I’m not for the whole pissing contest mentality of the DIY punk scene where they all seem to feel so hard done by (“boo to money! Boo to touring bands who like not to lose too much money! Boo to capitalism! Boo to anyone who thinks they’re more DIY than me! Why does no one want to come to my show?”) but what I am for is the rejection of this idea that a load of extraneous people behind a band is equivocal to a band being successful. It just means more people to pay and less control over the mechanics of your own band.
My band Friends In America, for example, play pop music which seems to have some kind of wide appeal. The circles we run in, however, seem to be wrought with these people that think that somehow getting a management team and having a big corporate PR push and making expensive music videos will pay off because bigger bands do it. News flash - bigger bands can afford to do that because there is a profitable business model behind them. Whilst I reject the argument out of hand that a band being liked by many makes their art worthwhile, if they’re making money out of it then at the very least they have a well thought out business plan.
Friends In America had no money, so I recorded our record for free with shoddy equipment that I was constantly having to fix and stress over. We spent two years making our record as good as it possibly could be, artificial deadlines and an expectant audience be damned. it’ll be ready when it’s ready. We control our presence very carefully - we barely play any shows to avoid saturation and it worked in our favour (the air of mystery meant that people who had seen us raved about us, and people who hadn’t were instantly curious about what they were missing). We only play shows we’re comfortable playing, we make sure we are suitably reimbursed for each gig we play and we sort everything out direct with the promoter. We booked and promoted our own launch gig for the record and made it work. We were able to cover the cost of printing the record (which we paid for ourselves, and put together ourselves), pay the supports pretty handsomely for a local show, and still make a profit on the door alone (that’s not including the records we sold on the door). Every record we sold after that has been all profit, and I have personally personalised, packaged and sent off every order we have received. As for PR, again, any publicity we’ve received has been totally off our own back. We recently had our track featured in a small advert for the Hilton, which we got a fair amount of money for. We didn’t have to do anything to get it and we were comfortable having our music aligned with that because hey, we worked so fucking hard getting to this stage that a little money to help out with other band things, for something like having your music in an advert, that’s not something we’re going to turn our noses up at. My idea of selling out is never making enough money from a band in order for it to sustain itself, so having to work a soul-destroying job (which we already do) and thus take valuable energy away from the process of creating a worthwhile piece of art. A lot of artists work really fucking hard, only to get called sell outs by the so-called DIY community. Fuck you just as much as the other guys. Your half-arsed attitudes towards the values of art and actually being smart about the work ethics of your bands is what keeps you from really realising any potential you might have. In the words of Henry Rollins, pay them, pay them double, pay them now.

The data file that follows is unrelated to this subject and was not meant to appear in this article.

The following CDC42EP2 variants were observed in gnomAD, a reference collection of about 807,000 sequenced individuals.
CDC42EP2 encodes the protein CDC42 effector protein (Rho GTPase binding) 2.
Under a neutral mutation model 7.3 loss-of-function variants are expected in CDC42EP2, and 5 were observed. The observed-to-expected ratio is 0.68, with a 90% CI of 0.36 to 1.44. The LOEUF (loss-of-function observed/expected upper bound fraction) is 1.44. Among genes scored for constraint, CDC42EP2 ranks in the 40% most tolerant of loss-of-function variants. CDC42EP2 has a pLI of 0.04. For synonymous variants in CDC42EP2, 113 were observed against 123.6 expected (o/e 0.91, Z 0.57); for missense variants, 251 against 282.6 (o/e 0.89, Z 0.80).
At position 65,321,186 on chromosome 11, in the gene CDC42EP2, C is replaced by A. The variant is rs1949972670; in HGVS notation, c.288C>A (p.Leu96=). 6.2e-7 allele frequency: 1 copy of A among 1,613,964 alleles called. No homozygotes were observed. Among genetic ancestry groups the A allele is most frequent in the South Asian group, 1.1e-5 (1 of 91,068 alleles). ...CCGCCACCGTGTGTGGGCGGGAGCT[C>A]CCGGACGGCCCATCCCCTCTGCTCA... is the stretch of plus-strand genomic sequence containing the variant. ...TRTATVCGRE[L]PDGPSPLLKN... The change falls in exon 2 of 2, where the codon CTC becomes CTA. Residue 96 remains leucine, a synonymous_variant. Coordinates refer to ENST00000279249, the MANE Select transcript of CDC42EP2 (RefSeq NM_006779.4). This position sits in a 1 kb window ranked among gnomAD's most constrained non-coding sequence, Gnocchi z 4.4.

And it’s not like we haven’t had the chance to pass the buck onto someone else - infact, we’ve had many opportunities. Every time, however, we’ve rejected it on the basis that these people can offer nothing that we can’t do ourselves, so we’d rather just make that extra effort and save ourselves having to pay someone else.
The result? Whilst we’re nowhere even remotely close to being a “big Scottish band”, and we’ve not made huge amounts of money (not even close, all money we make goes back into the band), this is still easily the most profitable band I’ve ever been in, and we’ve achieved that without ever having to agree to things we’re not comfortable with. The money we’ve made off the record alone will pay for the next recording and we’ll still have money to pay for t-shirts and stuff. You just need to be smart and think about what you’re trying to achieve.
On the flip side, I hear a lot of bands complaining of managerial bullshit, being forced onto shows and tours they don’t want to do, and most importantly, despite having this whole team of people behind them doing all the legwork and getting a lot of exposure from it, they can’t seem to get their heads around the fact that they can’t seem to make any money from it.
My point is that neither the pissing contest attitude of the DIY crowd or the work-shy, aesthetic-driven nature of the more commercial music world seem to work. The only thing that matters is making your own little world work. Fuck what anyone else does or says or thinks. In fact, fuck what I say. The way we do it won’t work for everyone. The point is find what makes your band work, be smart and retain all control, and don’t do anything you’re not comfortable with for the sake of achieving some artificial vision of success. Because let’s face it, when you reach that point, you’ll probably find yourself quite fondly looking backwards. Always look forwards. THAT is what real DIY is all about and fuck anyone who tries to tell you otherwise.